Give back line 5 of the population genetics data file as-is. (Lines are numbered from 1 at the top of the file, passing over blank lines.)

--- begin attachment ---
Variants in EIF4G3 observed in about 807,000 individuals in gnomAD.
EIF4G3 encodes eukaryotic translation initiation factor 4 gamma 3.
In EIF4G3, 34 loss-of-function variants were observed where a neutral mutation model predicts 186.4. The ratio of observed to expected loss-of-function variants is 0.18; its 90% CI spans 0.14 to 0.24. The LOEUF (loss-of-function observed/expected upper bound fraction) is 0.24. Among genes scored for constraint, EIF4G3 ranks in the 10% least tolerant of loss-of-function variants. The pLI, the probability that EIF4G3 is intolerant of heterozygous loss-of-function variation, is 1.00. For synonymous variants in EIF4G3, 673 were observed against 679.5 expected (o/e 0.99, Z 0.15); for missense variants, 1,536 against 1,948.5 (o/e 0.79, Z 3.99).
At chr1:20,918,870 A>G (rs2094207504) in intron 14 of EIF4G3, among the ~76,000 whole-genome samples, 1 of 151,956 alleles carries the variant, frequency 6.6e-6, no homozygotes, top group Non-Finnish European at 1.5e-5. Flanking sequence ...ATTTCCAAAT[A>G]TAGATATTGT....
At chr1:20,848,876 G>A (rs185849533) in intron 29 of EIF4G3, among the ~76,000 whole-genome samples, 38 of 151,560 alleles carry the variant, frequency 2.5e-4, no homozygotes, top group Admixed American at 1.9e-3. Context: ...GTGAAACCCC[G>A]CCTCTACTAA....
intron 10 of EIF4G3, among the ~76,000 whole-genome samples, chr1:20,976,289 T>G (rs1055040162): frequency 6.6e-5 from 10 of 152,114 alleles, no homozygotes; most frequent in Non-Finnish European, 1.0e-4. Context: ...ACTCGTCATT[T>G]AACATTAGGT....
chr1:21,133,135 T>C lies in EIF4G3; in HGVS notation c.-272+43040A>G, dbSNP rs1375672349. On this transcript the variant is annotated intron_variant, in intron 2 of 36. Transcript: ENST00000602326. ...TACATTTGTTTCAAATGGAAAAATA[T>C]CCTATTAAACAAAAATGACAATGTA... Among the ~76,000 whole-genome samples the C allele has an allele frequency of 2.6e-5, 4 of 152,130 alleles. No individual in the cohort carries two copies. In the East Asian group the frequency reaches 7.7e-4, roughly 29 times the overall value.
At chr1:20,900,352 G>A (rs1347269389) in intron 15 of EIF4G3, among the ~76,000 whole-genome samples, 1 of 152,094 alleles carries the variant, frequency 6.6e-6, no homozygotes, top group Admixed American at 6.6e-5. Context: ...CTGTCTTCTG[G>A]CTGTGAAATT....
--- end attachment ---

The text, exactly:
At chr1:20,848,876 G>A (rs185849533) in intron 29 of EIF4G3, among the ~76,000 whole-genome samples, 38 of 151,560 alleles carry the variant, frequency 2.5e-4, no homozygotes, top group Admixed American at 1.9e-3. Context: ...GTGAAACCCC[G>A]CCTCTACTAA....